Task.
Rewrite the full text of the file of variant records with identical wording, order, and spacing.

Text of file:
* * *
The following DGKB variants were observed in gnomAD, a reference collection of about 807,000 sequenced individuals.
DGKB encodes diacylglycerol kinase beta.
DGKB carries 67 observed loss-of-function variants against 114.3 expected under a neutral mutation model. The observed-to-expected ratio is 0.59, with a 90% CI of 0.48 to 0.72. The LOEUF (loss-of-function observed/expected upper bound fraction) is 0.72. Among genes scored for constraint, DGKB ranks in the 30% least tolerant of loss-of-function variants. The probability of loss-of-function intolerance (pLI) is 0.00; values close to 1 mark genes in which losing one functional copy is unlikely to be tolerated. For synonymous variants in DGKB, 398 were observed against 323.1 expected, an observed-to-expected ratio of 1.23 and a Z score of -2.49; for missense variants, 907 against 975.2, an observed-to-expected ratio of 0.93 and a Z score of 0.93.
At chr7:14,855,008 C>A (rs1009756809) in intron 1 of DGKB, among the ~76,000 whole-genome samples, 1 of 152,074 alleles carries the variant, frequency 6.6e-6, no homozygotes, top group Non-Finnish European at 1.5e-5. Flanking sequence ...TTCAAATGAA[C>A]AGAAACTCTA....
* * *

The following DGKB variants were observed in gnomAD, a reference collection of about 807,000 sequenced individuals.
DGKB encodes diacylglycerol kinase beta.
DGKB carries 67 observed loss-of-function variants against 114.3 expected under a neutral mutation model. The observed-to-expected ratio is 0.59, with a 90% CI of 0.48 to 0.72. The LOEUF (loss-of-function observed/expected upper bound fraction) is 0.72. Among genes scored for constraint, DGKB ranks in the 30% least tolerant of loss-of-function variants. The probability of loss-of-function intolerance (pLI) is 0.00; values close to 1 mark genes in which losing one functional copy is unlikely to be tolerated. For synonymous variants in DGKB, 398 were observed against 323.1 expected, an observed-to-expected ratio of 1.23 and a Z score of -2.49; for missense variants, 907 against 975.2, an observed-to-expected ratio of 0.93 and a Z score of 0.93.
At chr7:14,855,008 C>A (rs1009756809) in intron 1 of DGKB, among the ~76,000 whole-genome samples, 1 of 152,074 alleles carries the variant, frequency 6.6e-6, no homozygotes, top group Non-Finnish European at 1.5e-5. Flanking sequence ...TTCAAATGAA[C>A]AGAAACTCTA....